Planet Bee is an operating honey farm (apiary) and able to offer
services to the agriculture industry of British Columbia. Apiaries
are moved in season throughout the North Okanagan and Fraser Valleys
for pollination and honey production.
Pollination is the transfer of pollen
from the anthers of a flower to the stigma of that or another flower
and accomplished usually in one of two ways in nature by the wind
or by insects and birds. More than one half of all agricultural food
production requires insects to perform this transfer. However with
the seriously reduced numbers of native pollinators due in part to
the wide and sometime indiscriminate use of insecticides, the greatly
reduced availability of natural habitat and the introduction of parasites
naturally or by mankind, adequate pollinators are often not available.
Honeybees are responsible for the pollination and production of over
$300 Million of food crops in addition to the nearly $8 Million worth
of honey and other bee products produced in British Columbia.
Planet Bee Honey Farm will have strong healthy honeybee colonies available
in the North Okanagan for pollination service contracts. Book early
to avoid disappointment. Book
Honeybees have a natural tendency to propagate their species or numbers
by splitting their colonies to become two. This, the true meaning
of swarming is known to happen mostly
between May and July and can be quite overwhelming to many people
when they first notice this large swarm of honeybees hanging on the
branch of a tree, a fence post, a garden shrub or even on the ground.
What has happened is that the original hive, in anticipation of the
over-crowding of their home, have raised a new queen and upon her
emergence, about one half of the field bees gorge themselves with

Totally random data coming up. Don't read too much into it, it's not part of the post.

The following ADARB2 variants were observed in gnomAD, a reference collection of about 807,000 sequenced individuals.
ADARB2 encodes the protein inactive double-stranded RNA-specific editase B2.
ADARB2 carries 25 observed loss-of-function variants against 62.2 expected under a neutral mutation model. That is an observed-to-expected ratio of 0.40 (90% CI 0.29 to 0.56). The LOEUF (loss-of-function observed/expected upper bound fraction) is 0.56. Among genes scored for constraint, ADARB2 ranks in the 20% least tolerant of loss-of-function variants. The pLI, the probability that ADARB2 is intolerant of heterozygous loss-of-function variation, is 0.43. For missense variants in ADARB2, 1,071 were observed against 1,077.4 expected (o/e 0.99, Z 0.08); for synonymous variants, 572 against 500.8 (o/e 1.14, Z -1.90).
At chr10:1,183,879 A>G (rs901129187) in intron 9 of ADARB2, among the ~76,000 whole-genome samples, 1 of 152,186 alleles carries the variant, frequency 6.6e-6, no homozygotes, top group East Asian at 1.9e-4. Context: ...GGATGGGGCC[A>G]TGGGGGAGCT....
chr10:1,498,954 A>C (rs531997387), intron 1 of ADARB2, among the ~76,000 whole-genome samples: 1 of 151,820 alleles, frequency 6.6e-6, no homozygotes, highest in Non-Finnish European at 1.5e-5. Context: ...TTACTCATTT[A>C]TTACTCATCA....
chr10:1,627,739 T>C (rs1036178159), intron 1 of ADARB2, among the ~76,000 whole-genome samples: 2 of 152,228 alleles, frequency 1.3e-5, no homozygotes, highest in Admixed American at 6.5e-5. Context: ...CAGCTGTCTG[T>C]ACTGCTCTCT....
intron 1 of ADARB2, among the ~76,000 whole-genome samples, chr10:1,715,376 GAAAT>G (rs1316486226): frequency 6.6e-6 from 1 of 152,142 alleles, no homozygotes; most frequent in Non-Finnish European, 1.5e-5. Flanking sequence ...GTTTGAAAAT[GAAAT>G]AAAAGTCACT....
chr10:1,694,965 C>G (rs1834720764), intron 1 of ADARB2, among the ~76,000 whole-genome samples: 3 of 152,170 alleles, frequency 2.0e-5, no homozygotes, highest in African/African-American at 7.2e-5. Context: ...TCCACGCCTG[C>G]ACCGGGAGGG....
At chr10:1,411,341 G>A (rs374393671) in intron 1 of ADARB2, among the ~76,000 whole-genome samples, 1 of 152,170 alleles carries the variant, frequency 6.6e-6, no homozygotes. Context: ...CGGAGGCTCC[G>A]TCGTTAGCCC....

honey and leave the hive with one queen to locate a new home. While
the swarm with queen is clustered upon a tree etc. the "Scout"
field bees go out searching for a new home in what might be a hollowed
out tree, the walls of old (or newer) buildings, or in old abandoned
bee hives. When a suitable residence is found, usually within 12 to
36 hours, the scout returns to inform the other bees by performing
the famous bee dance. The bees then lift off from their temporary
holding area and set up residence in their new digs.
Although a swarm of bees can appear very intimidating, they are generally
very docile having very recently gorged themselves with honey and
are currently without a home to protect.
If you would like to report a swarm of bees or require more information,
please phone our beekeeper at (250) 542-8088. We may be able to collect
the swarm or refer you to another interested apiarist who has the
time, desire and means to capture this colony of bees. A large enough
swarm of these "Free Bees" collected early enough in the
season have been known to still produce up to a hundred pounds of